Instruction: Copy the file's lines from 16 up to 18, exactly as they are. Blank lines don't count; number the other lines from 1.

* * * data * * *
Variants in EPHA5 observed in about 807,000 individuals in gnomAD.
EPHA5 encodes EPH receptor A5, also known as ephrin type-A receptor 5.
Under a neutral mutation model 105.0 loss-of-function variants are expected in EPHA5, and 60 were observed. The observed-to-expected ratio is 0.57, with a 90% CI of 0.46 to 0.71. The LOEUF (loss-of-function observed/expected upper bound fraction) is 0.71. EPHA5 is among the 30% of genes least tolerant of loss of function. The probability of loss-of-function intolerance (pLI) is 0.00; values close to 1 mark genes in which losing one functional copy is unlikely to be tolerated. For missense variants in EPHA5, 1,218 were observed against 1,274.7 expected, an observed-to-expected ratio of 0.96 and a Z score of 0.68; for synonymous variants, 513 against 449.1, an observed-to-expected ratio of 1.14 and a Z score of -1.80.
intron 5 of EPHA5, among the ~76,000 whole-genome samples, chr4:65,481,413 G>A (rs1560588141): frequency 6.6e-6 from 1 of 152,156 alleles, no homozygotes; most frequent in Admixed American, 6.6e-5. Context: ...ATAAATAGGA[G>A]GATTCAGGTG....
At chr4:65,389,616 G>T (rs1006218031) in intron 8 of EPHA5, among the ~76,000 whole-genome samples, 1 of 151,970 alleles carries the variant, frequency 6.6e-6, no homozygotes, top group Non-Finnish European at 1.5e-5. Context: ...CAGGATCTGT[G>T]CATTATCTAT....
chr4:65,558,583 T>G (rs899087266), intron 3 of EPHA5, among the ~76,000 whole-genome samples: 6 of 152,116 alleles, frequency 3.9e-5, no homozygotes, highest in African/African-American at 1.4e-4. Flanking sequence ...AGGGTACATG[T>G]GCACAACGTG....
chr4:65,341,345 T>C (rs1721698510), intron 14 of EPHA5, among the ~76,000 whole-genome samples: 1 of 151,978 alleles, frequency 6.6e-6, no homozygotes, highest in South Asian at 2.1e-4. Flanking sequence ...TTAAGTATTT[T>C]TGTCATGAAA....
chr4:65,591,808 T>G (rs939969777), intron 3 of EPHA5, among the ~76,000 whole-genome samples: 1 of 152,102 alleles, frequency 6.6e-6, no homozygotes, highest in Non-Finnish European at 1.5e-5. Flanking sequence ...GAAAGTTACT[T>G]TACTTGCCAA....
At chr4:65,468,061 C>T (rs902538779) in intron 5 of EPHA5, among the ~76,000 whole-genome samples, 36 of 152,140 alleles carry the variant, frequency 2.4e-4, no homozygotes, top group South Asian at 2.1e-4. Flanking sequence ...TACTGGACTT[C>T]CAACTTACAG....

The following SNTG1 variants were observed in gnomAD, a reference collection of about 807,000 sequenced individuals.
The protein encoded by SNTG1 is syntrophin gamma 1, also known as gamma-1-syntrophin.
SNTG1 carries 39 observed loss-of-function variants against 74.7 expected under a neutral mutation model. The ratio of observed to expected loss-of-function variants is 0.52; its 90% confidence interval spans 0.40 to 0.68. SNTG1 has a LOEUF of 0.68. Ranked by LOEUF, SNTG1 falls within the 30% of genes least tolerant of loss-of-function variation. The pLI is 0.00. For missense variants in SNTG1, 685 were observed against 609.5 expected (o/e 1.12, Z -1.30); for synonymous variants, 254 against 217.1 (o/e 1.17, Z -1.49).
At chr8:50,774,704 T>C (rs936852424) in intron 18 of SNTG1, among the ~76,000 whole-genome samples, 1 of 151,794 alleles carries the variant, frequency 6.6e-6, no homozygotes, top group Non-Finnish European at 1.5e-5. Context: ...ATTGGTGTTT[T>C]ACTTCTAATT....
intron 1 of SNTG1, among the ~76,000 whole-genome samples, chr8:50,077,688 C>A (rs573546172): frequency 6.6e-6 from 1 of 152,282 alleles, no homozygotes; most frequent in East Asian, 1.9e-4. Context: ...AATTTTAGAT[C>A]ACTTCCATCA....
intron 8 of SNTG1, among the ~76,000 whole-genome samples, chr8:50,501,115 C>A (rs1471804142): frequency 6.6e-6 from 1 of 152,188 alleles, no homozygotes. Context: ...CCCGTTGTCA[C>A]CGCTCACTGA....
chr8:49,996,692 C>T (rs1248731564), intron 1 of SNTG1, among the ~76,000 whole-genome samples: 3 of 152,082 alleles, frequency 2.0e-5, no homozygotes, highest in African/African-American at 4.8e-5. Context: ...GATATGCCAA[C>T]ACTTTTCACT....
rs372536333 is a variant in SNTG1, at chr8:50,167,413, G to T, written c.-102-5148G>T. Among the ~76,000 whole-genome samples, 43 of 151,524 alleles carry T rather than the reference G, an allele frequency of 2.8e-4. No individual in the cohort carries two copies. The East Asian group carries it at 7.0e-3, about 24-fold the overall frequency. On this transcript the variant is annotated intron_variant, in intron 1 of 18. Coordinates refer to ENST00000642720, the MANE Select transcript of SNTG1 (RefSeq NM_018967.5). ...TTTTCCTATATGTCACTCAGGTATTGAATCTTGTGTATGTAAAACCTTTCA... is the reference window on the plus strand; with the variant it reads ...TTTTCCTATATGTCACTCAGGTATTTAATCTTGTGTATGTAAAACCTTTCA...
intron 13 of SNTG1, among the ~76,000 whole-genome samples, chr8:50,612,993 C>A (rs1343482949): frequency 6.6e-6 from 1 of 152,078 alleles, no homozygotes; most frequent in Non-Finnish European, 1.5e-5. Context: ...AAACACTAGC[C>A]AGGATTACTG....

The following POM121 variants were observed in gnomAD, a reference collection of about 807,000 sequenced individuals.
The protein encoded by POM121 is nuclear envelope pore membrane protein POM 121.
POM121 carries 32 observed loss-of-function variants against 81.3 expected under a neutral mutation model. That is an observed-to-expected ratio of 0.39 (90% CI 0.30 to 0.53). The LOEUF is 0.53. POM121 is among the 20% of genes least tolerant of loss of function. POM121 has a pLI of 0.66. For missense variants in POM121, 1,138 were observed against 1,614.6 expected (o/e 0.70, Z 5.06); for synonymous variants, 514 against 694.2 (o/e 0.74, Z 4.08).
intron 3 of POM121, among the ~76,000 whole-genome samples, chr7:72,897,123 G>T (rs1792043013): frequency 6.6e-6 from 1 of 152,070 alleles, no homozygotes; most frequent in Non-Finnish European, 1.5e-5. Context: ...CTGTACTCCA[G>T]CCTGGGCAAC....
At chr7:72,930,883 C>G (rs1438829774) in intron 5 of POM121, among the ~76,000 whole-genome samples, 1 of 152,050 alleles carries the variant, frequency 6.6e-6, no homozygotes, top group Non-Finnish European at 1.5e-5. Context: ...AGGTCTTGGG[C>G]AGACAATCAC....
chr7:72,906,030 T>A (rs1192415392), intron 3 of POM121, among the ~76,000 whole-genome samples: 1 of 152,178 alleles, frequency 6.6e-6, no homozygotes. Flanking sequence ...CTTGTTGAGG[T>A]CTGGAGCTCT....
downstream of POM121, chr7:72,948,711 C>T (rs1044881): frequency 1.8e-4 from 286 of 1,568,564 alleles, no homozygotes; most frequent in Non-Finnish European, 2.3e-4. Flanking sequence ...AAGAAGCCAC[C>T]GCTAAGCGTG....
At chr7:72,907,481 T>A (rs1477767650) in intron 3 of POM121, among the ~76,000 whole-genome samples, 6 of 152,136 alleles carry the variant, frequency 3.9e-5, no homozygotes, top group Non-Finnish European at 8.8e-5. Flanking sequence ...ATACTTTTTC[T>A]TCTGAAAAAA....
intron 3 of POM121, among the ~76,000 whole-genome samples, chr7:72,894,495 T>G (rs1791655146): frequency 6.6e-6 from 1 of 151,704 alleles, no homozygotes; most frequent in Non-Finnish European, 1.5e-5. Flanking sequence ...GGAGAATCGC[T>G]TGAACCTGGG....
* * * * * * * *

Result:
chr8:49,996,692 C>T (rs1248731564), intron 1 of SNTG1, among the ~76,000 whole-genome samples: 3 of 152,082 alleles, frequency 2.0e-5, no homozygotes, highest in African/African-American at 4.8e-5. Context: ...GATATGCCAA[C>T]ACTTTTCACT....
rs372536333 is a variant in SNTG1, at chr8:50,167,413, G to T, written c.-102-5148G>T. Among the ~76,000 whole-genome samples, 43 of 151,524 alleles carry T rather than the reference G, an allele frequency of 2.8e-4. No individual in the cohort carries two copies. The East Asian group carries it at 7.0e-3, about 24-fold the overall frequency. On this transcript the variant is annotated intron_variant, in intron 1 of 18. Coordinates refer to ENST00000642720, the MANE Select transcript of SNTG1 (RefSeq NM_018967.5). ...TTTTCCTATATGTCACTCAGGTATTGAATCTTGTGTATGTAAAACCTTTCA... is the reference window on the plus strand; with the variant it reads ...TTTTCCTATATGTCACTCAGGTATTTAATCTTGTGTATGTAAAACCTTTCA...
intron 13 of SNTG1, among the ~76,000 whole-genome samples, chr8:50,612,993 C>A (rs1343482949): frequency 6.6e-6 from 1 of 152,078 alleles, no homozygotes; most frequent in Non-Finnish European, 1.5e-5. Context: ...AAACACTAGC[C>A]AGGATTACTG....